Calculating Shop Capacity
Knowing your shop production capacity is key to avoiding bottlenecks and maximizing the number of jobs that can profitably be completed each day. By understanding your shop’s production capacity, you can work to fix process flaws and maximize sales.
Tony Monaco, a business development manager at FinishMaster, regularly helps shops find their maximum throughput. Monaco discusses how to calculate your shop capacity and the various factors that need to be considered.
It’s a good idea to have a basis of how much your shop can handle. It can help you identify bottlenecks, staffing issues or process flaws. The challenge when we talk capacity is that there’s the physical capacity of the building and then there’s the manpower side of it. So when I’m calculating shop capacity, I look at both of those and then combine them to find the true shop capacity.
To calculate the physical capacity, I start by using the latest industry multipliers determined by KPIs. There are ranges because of differences in markets, labor rates and your own facility, but as a starting point, this is generally what it looks like:
Square feet x $23 to $30 = Monthly sales per total square feet
Productive square footage x $20 to $27 per month = Monthly sales per productive square foot (To measure the productive square foot, use a roller measurer)
Number of stalls in use x $24,000 to $26,000 = Monthly sales per stall
Number of employees x $16,000 = Monthly sales per employee
Number of production employees x $25,000 = Monthly sales per production employee
Now you have about four or five numbers showing shop capacity based on productive square footage, stalls and employees. I take those numbers and average them to give me a theoretical capacity.
Now we will look into the processes and the manpower. If a shop says they need to get more cars through, we will do a process analysis. I like to go into a shop, walk around, look at how the space is used (How are parts being handled? Is there a cooldown area for paint? Are you doing a complete teardown? Are booths drive-through?), take pictures and talk to the techs. I like to understand what the shop’s goals are, so I can help them understand what kind of manpower they’re going to need and what kind of footprint they’re going to need.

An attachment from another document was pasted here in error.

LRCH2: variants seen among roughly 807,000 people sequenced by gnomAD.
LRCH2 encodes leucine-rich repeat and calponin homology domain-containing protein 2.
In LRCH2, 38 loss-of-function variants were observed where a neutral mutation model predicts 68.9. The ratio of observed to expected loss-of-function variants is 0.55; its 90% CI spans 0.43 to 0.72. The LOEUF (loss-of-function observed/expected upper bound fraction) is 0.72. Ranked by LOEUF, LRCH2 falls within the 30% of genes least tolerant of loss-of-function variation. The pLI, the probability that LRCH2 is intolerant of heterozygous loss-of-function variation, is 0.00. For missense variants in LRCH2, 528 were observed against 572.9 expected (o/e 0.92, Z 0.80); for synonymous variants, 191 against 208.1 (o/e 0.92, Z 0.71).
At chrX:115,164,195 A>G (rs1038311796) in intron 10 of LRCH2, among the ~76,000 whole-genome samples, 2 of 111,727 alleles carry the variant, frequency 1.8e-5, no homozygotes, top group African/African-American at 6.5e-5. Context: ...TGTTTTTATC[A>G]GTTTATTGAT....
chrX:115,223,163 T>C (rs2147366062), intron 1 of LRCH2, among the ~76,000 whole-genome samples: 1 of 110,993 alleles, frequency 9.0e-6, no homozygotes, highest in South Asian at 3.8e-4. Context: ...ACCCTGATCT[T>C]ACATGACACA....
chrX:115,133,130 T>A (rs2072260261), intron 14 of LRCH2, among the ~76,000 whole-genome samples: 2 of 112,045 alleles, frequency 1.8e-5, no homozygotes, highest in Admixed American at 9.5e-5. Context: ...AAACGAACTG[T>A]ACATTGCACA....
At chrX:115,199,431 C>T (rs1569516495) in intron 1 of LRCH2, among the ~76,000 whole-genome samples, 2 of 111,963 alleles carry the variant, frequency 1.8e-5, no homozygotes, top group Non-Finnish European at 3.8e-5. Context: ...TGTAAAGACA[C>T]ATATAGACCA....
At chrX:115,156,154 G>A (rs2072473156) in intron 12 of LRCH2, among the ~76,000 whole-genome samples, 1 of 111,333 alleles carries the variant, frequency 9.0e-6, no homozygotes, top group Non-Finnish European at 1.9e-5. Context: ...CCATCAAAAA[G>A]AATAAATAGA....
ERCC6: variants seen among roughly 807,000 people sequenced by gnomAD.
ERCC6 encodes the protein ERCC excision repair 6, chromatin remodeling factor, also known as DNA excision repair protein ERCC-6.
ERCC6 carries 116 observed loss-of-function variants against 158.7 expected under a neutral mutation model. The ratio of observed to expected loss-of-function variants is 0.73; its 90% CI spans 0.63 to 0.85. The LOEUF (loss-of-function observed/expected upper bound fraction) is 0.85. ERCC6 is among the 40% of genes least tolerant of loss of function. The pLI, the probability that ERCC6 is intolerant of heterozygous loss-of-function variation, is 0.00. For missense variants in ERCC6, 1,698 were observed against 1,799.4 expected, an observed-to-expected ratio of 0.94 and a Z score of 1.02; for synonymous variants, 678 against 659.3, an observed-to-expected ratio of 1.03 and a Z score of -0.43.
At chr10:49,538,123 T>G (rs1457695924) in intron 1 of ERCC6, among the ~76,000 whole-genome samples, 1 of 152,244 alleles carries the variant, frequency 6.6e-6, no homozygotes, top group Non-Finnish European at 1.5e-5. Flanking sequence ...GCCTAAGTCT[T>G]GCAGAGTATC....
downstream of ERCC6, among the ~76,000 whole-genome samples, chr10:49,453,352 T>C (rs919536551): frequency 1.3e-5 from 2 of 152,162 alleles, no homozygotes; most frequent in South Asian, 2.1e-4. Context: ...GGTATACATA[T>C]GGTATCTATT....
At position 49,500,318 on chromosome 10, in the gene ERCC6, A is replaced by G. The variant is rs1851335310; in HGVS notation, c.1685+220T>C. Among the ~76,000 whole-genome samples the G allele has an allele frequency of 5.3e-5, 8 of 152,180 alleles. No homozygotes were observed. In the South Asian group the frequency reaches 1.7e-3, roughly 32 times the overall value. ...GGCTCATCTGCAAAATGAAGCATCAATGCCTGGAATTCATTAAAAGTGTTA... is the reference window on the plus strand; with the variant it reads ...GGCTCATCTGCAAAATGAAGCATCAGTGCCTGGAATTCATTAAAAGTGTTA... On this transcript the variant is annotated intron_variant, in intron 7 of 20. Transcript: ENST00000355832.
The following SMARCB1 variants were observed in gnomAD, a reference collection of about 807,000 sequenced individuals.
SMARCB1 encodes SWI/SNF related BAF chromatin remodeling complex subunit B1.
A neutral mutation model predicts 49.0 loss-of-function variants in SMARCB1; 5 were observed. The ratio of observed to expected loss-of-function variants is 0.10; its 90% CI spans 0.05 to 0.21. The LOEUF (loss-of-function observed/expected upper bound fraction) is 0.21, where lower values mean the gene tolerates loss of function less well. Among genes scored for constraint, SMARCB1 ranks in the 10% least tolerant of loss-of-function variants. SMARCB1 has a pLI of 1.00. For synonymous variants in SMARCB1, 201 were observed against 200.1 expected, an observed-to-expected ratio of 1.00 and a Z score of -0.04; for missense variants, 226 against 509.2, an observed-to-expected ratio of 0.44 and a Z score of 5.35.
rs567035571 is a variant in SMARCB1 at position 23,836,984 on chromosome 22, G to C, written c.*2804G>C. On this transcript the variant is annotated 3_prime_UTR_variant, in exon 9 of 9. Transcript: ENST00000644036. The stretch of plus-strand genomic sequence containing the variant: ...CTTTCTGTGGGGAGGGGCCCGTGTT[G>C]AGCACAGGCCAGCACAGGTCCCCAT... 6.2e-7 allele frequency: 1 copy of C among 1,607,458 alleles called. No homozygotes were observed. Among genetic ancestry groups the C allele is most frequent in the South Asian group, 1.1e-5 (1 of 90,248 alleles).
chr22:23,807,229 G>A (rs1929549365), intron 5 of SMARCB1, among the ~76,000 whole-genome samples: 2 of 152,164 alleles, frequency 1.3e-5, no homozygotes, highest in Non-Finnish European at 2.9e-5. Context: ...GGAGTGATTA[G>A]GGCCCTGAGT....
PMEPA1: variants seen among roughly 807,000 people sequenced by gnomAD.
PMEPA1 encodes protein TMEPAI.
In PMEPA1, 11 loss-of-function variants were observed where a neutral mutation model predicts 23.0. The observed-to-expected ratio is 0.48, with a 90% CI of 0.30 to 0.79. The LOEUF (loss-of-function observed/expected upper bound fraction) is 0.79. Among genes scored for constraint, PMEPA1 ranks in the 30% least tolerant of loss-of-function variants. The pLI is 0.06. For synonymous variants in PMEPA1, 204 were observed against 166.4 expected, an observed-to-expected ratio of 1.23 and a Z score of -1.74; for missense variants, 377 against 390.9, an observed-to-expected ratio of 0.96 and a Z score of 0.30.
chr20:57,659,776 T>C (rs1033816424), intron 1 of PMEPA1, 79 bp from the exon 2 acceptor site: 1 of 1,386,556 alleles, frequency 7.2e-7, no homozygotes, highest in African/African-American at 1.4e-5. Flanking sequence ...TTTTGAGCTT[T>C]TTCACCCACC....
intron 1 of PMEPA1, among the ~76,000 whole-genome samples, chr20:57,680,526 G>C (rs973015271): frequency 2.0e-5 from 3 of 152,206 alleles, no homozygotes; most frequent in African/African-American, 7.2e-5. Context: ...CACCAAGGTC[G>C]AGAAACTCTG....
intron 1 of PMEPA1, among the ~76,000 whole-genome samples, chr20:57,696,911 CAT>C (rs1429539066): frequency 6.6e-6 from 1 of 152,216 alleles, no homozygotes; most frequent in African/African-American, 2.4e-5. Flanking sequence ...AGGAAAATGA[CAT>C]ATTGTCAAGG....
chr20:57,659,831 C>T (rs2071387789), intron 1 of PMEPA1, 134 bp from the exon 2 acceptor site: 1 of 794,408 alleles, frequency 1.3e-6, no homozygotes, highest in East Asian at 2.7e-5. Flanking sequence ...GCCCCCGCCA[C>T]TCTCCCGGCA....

What we often see is that teardown, parts ordering and parts handling are the biggest issues in the industry right now. There is a lot of dead space in shops. There’s a project car in the corner, the parts get dropped off and nobody is mirror-matching them. Once you have the calculated number we discussed above, that typically calls out the issues your shop needs to fix. For example, if you got parts carts and put the parts on carts, that extra floor space could translate to another car in the shop.
It’s really about the processes in the shop. If you ask most people, they would say they want their techs to have two stalls. But if you have five body techs and they have 10 stalls total, 50 percent of your shop is always being unused. Is that really the best way to run the shop? If you look at touch time, what is the average touch time on the car per day? That will bring us back to processes. Maybe you need a heavy-hit stall so that crippled cars aren’t just sitting in your shop taking up space. Or maybe the parts ordering process is taking up too much time, which is why we thought the techs needed two stalls. You don’t need to take up all that square footage.
There are also some blatant reasons a shop could be maxed out. If you have a bottleneck in the paint shop, for example, and the reason is that your primer isn’t drying fast enough, try priming vehicles the night before.
What I’m getting at is that it’s not enough just to calculate the shop capacity. Once you do that, you really need to dive into your processes and analyze if you’re operating at your most efficient. The numbers will tell you if you are, but there are probably several easy fixes that could impact your production capacity.